Whatever you want to do, lose weight, finish school, make a career change, etc., I strongly believe that first you need to believe in yourself. For those of us not born into a life of privilege, trying to achieve certain dreams or goals such as, leaving the cubicle, takes a tremendous amount of dedication, commitment, and hard work.

We must also remember that even after all of the effort we might still fail. While trying to purchase our own business during the first year and a half of our hard work we were turned down for a mortgage five times for various reasons. However, because of all the background research we did and effort we put in we placed ourselves in the best position to succeed. We enabled our own success.

For those that would like to escape what the cube represents I would recommend that you maintain a positive attitude, visualize your success, embody your goal, and strike the saying “I can’t” from your memory, and especially do not listen to anyone telling you “you can’t.” I know it is not always easy but you really need to visualize yourself succeeding, whether it is leaving the corporate world or another goal, so that when those negative thoughts creep in you can truly believe in yourself.

Don’t be afraid to go after your goals. Life is short. The one quote I refer back to a lot when I question my own goals states:

“If you have not started your life’s work by the time you reach forty then you probably won’t.”

However, if you are over forty, don’t let that discourage you! I turn forty two next July and I will just change the quote to fifty. I use it as a motivator to let me know that valuable time is slipping by.

Here are the key points:

  • Establish the goal. For example, getting off the corporate treadmill, losing weight, moving to the Caribbean, etc.
  • Visualize your success. Picture yourself enjoying and living a less stressful life.
  • Embody the objective. Tell people you are moving to the Caribbean, or that you are going to start your own business.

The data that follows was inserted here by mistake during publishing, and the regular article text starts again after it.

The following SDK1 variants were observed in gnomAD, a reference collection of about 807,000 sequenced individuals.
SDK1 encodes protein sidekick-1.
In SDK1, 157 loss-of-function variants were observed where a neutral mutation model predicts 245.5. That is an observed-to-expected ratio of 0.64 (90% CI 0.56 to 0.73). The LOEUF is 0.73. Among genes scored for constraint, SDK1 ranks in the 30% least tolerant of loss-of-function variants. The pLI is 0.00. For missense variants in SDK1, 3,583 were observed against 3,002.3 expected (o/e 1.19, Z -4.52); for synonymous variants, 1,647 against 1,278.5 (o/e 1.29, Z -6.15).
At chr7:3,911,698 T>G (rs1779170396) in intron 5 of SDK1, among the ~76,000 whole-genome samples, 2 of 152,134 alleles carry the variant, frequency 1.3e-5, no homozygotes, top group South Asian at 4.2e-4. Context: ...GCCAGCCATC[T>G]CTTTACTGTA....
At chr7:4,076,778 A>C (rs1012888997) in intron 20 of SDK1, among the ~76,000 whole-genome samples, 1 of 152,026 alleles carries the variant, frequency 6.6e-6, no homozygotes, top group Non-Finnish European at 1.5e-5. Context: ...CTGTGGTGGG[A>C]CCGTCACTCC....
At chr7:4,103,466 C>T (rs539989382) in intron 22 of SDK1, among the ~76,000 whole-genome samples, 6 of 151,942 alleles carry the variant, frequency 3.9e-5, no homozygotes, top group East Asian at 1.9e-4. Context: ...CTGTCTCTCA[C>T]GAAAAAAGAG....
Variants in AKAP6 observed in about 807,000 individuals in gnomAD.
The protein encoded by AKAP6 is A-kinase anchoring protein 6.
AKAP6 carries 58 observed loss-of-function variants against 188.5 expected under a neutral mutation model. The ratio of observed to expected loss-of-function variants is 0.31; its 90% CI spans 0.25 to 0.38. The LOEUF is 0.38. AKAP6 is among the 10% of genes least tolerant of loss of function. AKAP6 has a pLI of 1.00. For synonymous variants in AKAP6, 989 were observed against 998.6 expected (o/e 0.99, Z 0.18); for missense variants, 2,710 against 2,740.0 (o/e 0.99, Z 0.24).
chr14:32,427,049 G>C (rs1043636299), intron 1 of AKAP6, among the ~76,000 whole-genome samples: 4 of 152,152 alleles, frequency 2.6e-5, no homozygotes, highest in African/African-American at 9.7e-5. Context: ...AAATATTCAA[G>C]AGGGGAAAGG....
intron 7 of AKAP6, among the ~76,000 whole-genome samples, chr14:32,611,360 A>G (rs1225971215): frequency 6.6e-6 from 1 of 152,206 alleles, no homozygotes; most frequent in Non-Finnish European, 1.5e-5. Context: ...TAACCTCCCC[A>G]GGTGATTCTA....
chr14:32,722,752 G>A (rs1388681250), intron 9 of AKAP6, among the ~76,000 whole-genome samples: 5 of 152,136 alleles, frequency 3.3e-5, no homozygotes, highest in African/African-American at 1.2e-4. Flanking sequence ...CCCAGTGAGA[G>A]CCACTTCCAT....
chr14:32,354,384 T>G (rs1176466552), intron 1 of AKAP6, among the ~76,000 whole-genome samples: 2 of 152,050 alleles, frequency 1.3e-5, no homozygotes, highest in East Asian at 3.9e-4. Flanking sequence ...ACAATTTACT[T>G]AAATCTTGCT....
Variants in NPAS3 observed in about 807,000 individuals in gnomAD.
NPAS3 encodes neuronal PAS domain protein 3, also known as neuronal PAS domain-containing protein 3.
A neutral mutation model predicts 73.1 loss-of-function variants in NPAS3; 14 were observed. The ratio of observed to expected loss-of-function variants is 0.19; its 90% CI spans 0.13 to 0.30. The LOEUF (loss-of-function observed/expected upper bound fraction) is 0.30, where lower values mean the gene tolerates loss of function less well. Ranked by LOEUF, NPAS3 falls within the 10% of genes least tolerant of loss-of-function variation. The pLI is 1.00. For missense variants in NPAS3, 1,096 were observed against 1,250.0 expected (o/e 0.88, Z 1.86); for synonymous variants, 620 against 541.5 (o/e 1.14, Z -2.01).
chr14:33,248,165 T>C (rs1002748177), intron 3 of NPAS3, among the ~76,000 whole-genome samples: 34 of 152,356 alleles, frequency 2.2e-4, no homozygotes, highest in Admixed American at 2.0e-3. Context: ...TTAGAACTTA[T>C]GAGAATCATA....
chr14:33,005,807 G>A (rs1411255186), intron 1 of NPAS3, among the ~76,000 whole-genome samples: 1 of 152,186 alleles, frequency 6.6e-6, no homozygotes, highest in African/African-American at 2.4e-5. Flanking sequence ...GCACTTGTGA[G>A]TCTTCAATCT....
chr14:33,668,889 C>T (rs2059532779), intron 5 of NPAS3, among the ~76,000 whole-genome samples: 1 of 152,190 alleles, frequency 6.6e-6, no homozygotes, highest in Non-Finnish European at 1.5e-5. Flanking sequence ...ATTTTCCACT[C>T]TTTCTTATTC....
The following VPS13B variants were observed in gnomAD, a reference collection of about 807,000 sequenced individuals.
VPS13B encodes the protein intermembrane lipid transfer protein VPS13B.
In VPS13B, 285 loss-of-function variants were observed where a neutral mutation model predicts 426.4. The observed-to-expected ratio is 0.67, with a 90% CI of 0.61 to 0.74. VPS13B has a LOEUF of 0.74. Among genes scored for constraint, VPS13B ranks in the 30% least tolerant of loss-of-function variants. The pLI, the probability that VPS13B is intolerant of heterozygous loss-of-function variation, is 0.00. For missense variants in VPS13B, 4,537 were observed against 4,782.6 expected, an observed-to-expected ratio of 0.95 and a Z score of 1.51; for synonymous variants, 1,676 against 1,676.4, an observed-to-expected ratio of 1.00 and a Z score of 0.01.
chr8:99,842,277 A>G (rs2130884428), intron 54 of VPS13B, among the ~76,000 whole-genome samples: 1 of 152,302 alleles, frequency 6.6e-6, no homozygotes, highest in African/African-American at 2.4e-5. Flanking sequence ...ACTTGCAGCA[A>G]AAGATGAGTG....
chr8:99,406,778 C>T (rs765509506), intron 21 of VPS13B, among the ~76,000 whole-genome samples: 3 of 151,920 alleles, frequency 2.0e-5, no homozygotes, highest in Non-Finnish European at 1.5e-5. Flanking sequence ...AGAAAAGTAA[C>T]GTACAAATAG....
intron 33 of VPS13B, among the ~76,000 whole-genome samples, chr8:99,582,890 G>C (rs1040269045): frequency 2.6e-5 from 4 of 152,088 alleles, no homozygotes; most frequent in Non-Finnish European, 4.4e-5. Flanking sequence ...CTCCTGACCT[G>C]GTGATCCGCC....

• Change your mindset. Become an optimist.
  • Believe in yourself. Expect people to tell you, “you can’t do that.”
  • Research. If you would like to step off the corporate treadmill and move to the Caribbean start determining where you would like to go and what type of obstacles you will face.
  • Network. Meet people who are where you want to be, or who are doing what you would like to do and don’t be afraid to ask questions.
  • Enable your own success. When the opportunity arises be ready.

With the right attitude, hard work, and some luck you can get off of the corporate treadmill and escape the cubicle. In closing I would just like to state that we all know you can spiral downward into apathy, lethargy, and even depression. However, I emphatically believe that positive energy carries its own inertia and once you start moving in the right direction you become like a snowball gathering steam as you roll towards your goal.

What are your current dreams and goals? What are you working towards?

(Editor’s note: this is a re-post of the very first guest post I ever did for Leo Babauta of Zen Habits from waaaay back in October 2007.)

Share this post: facebooktwittergoogle_pluslinkedin

Mark Hayward


One thought on “Escaping the Cubicle and Getting Off the Corporate Treadmill

Comments are closed.